How We Met: Fabio Capello & Jannis Kounellis

'For my fellow artists, Capello was a god; and it was a pleasure to have dinner with god'

Jannis Kounellis, 74, is a Greek painter, installation artist and sculptor. A founding father of the 1960s Arte Povera movement, which made use of 'found' objects and spaces, Kounellis' installations juxtapose materials such as iron and coal with food, fire and even live animals. He lives in Rome with his wife

In 2000, the San Lorenzo neighbourhood in Rome housed a big community of artists who I was friends with – Piero Pizzi Cannella, Claudio Abate, Giuseppe Gallo – and we all used to meet up once a week at a restaurant. Fabio was the coach for Roma, and as an avid art collector he'd started to get to know a few of them and one night he joined us there for dinner. These artists were all huge fans of Roma football club, so for them, Capello was a god; and it was a pleasure to have dinner with god.

My interest in football and Fabio was different. I'm fascinated with how football is woven into the fabric of our society – it's a way to communicate and connect, while many of the social issues of Italy are expressed through football.

The other artists always had lots of opinions about the latest Roma match, but what attracted me to Fabio was more tangential. He's a very loveable character. While I'm closed – I'm not an easy person to know – he is open; he has a feeling for people and is a great communicator, which is crucial for someone in his position. What we did share, though, was an iron discipline towards our respective work.

Naturally, as we met up again and again, we didn't just talk football. We talked about art, and politics, on which we have very different opinions. But it's part of the game to be on the other side of someone politically [Capello is friendly with right-wing Italian Prime Minster Silvio Berlusconi].

As far as art is concerned, Capello becomes very passionate: he talks about the things he loves and hates. As for me, it's all about the moment – what I hate in the morning, I might love in the evening; luckily I met him in the evening. It's always a big fortune to have a friend who buys your work; in Fabio's case, it makes him a double friend – I've survived until today because of friends like these.

As he's no longer at Roma these days it was a huge pleasure to see him again with my recent trip to London for my new exhibition. It's always a pleasure to have a friend taking such an interest in your work. We had lunch and talked about his life here. He likes the YBA artists and goes to see their exhibitions. I would love to have him back in Rome, but nobody knows where he will go next – he told me how much he loves it here, so maybe he'll stay.

As for the World Cup, I am Italian [Kounellis moved to Italy aged 20], so I want them to win, but if it's England instead, with Fabio in charge, I won't have any mourning to do.

Fabio Capello, 63, is the manager of the England football team. In his playing days, he lined up for AC Milan and Juventus in his native Italy. He went on to manage both teams, as well as Spain's Real Madrid. He lives in London with his wife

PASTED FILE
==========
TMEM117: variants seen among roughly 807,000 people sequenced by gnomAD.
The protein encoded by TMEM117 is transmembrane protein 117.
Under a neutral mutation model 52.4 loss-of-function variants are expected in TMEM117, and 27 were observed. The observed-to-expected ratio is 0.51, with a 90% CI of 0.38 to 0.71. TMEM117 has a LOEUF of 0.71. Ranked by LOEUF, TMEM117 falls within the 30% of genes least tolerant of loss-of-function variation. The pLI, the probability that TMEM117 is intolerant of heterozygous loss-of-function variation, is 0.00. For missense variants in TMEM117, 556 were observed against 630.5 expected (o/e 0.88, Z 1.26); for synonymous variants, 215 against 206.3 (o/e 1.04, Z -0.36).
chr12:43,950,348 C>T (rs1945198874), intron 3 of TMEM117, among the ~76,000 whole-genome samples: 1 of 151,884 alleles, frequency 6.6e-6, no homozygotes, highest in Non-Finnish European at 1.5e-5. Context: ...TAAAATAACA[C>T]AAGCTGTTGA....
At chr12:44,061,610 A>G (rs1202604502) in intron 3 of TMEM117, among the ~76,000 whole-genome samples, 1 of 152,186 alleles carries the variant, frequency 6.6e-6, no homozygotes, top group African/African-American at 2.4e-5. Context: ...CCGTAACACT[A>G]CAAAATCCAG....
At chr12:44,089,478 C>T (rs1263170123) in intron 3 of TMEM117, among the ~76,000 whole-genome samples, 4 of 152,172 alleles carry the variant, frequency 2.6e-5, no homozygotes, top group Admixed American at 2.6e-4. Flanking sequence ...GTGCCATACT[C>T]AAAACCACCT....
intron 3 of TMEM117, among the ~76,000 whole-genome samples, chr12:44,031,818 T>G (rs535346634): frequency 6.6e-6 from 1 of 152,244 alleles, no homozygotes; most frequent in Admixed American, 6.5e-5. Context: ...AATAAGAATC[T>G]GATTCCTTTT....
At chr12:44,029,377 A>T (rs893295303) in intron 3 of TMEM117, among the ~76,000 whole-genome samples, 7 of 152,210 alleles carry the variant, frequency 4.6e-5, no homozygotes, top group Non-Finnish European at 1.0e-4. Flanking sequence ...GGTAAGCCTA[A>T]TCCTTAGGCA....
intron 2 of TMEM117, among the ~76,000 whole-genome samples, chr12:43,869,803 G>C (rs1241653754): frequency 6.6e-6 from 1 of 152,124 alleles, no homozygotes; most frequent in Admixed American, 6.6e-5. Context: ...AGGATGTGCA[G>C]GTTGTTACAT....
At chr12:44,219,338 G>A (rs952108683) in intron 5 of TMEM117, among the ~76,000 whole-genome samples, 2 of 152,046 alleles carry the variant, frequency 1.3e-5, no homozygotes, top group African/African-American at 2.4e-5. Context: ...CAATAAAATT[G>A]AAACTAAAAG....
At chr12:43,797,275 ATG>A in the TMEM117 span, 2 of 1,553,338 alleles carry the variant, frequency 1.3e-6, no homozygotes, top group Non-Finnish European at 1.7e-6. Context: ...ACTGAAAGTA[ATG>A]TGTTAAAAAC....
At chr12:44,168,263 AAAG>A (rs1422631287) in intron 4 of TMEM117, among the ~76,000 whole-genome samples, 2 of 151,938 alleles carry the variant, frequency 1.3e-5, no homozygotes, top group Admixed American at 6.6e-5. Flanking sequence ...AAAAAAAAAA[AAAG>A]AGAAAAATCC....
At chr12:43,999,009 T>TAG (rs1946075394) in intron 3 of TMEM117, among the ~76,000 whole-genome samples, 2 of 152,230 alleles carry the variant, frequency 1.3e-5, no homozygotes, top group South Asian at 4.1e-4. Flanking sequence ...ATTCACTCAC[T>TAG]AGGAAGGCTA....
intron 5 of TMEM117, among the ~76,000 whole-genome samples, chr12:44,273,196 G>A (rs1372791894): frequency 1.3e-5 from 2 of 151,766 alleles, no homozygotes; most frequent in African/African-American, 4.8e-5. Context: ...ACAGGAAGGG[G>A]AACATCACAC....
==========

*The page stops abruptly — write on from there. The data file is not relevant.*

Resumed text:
I started to collect art when I was 23, buying two or three pieces every year, and Arte Povera was always an interest for me. So when I went to dinner one night with some artist friends in Rome and Jannis Kounellis was there, it was a dream. He was the greatest artist in Italy and I had always followed his work.

We had a nice dinner, drank wine, talked about politics, football, artists, what's happening in Rome. There was a chemical connection between us, but Jannis is strong and it's not easy to be friends with him. He puts a barrier between himself and others. I do that too, which is the reason I think we have such respect between us.

After that we started meeting whenever possible. While I was working in Rome, I visited Jannis for dinner at his house and had the privilege of seeing his art collection. Otherwise, we would go to a typical Roman restaurant and eat spaghetti carbonara. We love food, so it's always around a table that we meet, and always with some friends, usually other artists.

I own three paintings by Jannis. When I see his work, it produces a very strong sensation – you can see the world in one of his pictures. I hadn't seen him for a while before we met for his new exhibition, and it was nice to consider what we have both done with our time.

Do we talk about football? Not so much. He's not been to any of my matches although he's often congratulated me on my successes, as have I with him. Each exhibition for Jannis is important, as each game is for me. I think football is a form of art – it's a ballet of 11 people.

It's impossible to arrive at the top without a big personality. So sometimes we are angry and we speak passionately – like when we are talking about Berlusconi. I know the prime minister from my time in [Italy's top league] Serie A [Berlusconi was president of AC Milan from 1986 to 2004] but Jannis is probably on the other side of things and very against Berlusconi. Other times, it's more relaxed.

As for similar tastes, we discuss what is happening in art and what he likes. I like art, but when I speak to the professional, I must listen and not speak. When I speak about football, he must listen.

Jannis Kounellis' exhibition runs until 30 May at Ambika P3, 35 Marylebone Road, London NW1. A new book, 'Jannis Kounellis: XXII Stations on an Odyssey 1969-2010' by Marc Scheps is published by Prestel in June

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